Leicestershire becomes final English county to adopt an official flag

Lancashire’s has a red rose, Kent’s has a white horse and Nottinghamshire’s features Robin Hood. Nearly every county in Inghilterra has had its own flag for some time – but until this week one was missing.

After a public campaign lasting almost a decade, Leicestershire has finally raised its own official county flag for the first time.

The flag features a fox, an animal closely associated with the county, and has been hoisted for the first time outside parliament in time for Historic County Flag Day on Friday.

“It’s really joyous and it’s really lovely to see the pride people have taken in it. I’ve been amazed at how strong the response has been,” said Alicia Kearns, the MP for Rutland and Melton, who helped lead the campaign.

She took up the cause when she was elected in 2019, working with local campaigners who had been fighting for the flag since 2013. “I just thought it was such a shame we didn’t have one. Our flags carry our history, they carry our pride, they help define who we are and they allow us to celebrate our communities," lei disse.

The flag, designed by the flag enthusiast Jason Saber, features a fox, which is present on the logos of numerous county organisations and sports clubs, including Leicester City football club and Leicestershire county cricket club, both of which are known as the Foxes.

The cinquefoil at the top of the flag, so called for its five petals, was used by Robert de Beaumont, 4th Earl of Leicester, and is now found on the civic arms of several Leicestershire towns, Saber said, while the colours and zigzag derive from the shield used by the local noble Simon de Montfort (1205-1265).

“My aim was to design a flag that would harmoniously combine all four traditional county themes," Egli ha detto.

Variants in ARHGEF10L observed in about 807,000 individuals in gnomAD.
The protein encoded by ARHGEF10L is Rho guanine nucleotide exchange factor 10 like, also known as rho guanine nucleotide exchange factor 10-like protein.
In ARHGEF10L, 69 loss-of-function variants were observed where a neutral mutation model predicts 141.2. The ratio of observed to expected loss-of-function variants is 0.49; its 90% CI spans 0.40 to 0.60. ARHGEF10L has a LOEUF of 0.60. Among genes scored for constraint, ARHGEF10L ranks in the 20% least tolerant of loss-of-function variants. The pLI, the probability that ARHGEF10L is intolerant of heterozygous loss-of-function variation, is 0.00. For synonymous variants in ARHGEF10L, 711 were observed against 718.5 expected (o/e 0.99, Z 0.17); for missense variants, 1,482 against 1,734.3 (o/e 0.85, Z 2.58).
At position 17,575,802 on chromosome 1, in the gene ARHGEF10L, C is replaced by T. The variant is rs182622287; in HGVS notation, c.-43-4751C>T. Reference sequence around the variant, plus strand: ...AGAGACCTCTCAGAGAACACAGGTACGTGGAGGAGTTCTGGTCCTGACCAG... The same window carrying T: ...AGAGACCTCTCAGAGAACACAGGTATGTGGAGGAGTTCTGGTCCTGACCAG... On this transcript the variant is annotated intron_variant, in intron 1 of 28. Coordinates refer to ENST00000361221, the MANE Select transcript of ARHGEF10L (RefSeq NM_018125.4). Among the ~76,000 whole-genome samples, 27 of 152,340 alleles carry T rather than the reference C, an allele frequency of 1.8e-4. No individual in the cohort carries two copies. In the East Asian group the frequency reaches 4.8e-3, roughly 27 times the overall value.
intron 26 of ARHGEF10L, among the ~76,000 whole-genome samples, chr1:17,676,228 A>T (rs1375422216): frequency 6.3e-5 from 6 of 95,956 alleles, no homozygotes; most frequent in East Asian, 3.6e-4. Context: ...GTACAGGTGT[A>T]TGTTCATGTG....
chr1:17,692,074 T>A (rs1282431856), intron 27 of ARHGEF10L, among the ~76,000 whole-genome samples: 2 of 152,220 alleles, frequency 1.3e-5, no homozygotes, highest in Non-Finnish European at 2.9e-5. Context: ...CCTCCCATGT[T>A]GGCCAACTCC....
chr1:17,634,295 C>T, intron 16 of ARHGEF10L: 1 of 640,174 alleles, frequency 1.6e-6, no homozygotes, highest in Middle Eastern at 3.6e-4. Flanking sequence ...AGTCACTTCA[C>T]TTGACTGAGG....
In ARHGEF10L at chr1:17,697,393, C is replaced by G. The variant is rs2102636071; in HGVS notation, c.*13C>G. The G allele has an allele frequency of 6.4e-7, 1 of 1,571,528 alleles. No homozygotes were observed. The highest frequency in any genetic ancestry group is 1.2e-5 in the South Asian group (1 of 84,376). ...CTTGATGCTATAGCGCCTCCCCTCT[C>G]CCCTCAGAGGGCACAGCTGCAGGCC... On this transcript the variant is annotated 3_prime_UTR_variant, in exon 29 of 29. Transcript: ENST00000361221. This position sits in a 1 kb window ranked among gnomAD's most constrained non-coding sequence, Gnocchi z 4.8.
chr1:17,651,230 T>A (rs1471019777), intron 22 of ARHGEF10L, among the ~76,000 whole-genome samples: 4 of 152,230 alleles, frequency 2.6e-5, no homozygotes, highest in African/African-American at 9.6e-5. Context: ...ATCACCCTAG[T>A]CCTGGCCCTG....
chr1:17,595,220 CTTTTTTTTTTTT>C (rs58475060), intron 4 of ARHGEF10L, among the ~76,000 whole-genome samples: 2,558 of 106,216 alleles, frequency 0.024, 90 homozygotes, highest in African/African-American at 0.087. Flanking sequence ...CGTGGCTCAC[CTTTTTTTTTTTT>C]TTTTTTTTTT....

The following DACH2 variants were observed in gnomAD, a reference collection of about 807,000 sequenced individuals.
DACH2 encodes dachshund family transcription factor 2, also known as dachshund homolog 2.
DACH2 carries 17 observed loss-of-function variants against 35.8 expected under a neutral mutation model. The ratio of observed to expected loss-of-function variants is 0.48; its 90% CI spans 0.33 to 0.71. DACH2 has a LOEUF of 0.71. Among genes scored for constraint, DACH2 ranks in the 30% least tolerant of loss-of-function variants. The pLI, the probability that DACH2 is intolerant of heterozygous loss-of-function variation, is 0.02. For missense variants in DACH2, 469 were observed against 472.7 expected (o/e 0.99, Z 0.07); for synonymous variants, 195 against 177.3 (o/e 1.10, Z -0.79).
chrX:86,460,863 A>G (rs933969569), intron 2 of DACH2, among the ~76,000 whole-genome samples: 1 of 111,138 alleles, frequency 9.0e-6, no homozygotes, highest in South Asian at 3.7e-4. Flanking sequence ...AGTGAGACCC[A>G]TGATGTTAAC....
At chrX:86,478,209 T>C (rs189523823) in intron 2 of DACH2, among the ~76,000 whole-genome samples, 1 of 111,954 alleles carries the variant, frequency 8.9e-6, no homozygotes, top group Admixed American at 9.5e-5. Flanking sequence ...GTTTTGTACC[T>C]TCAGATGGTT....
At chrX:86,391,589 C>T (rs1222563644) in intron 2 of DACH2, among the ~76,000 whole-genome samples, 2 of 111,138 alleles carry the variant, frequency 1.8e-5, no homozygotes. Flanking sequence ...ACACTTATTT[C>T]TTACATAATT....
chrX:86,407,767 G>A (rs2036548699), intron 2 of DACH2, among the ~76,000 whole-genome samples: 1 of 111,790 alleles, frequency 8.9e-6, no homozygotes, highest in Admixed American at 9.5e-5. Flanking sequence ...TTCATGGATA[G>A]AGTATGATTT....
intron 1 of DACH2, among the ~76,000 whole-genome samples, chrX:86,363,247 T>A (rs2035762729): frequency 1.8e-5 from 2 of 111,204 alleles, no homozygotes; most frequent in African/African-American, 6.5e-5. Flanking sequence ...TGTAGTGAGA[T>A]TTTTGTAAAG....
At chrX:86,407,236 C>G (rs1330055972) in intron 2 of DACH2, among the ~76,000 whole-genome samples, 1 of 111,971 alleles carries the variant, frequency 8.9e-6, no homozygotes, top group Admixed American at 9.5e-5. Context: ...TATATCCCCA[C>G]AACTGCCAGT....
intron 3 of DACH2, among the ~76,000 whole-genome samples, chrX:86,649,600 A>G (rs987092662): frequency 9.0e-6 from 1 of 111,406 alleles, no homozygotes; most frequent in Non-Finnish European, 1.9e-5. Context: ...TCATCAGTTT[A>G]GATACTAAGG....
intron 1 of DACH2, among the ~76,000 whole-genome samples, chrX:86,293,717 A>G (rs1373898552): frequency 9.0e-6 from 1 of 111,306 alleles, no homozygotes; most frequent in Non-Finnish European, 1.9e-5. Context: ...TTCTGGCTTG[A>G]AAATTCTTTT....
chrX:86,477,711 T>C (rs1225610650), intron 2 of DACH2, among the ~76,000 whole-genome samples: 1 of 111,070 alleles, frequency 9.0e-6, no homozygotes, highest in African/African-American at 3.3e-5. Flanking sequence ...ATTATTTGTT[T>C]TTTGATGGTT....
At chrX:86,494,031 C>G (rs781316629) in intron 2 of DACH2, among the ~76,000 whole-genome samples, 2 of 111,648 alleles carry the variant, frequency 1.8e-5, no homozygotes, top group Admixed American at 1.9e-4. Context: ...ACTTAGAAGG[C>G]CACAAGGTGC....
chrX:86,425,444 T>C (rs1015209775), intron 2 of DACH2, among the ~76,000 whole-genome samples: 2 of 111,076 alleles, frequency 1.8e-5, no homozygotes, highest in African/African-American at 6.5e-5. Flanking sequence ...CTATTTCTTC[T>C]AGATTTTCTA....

The campaigner Bill Brown, the county chair of the British Legion in Leicestershire, said he was ecstatic to see the flag in action. “I was down in Parliament Square on Monday morning when they raised it for the first time, and I was absolutely blown away," Egli ha detto. “We’ve now got something to hang our pride on. We were the last county to get a historic county flag, so it’s quite poignant.” He worked alongside Graham Shipley, a professor of ancient history at the University of Leicester, to get the flag officially recognised.

County flags vary in age, with some being hundreds of years old and some introduced more recently, said Graham Bartram, the chief vexillologist at the Flag Institute, which registered the final English county flag. “The flag of Kent goes back to the kingdom of Kent, so we’re talking before Alfred the Great," Egli ha detto. “There’s a whole spectrum of ages.”

He said county flags were created to be flags of the people, and each was designed to reflect its county’s unique identity in some way. For instance, Gloucestershire’s flag has cream to represent Cotswold stone, Egli ha detto, while Cornwall’s black and white flag is thought to link to its tin industry, representing black ore and white metal.

“Flags are an incredibly powerful way of expressing identity,” Bartram said. “Some people say, ‘oh, but it’s just a piece of fabric’. But it’s a piece of fabric that people are invested in. It’s it’s important to them.”

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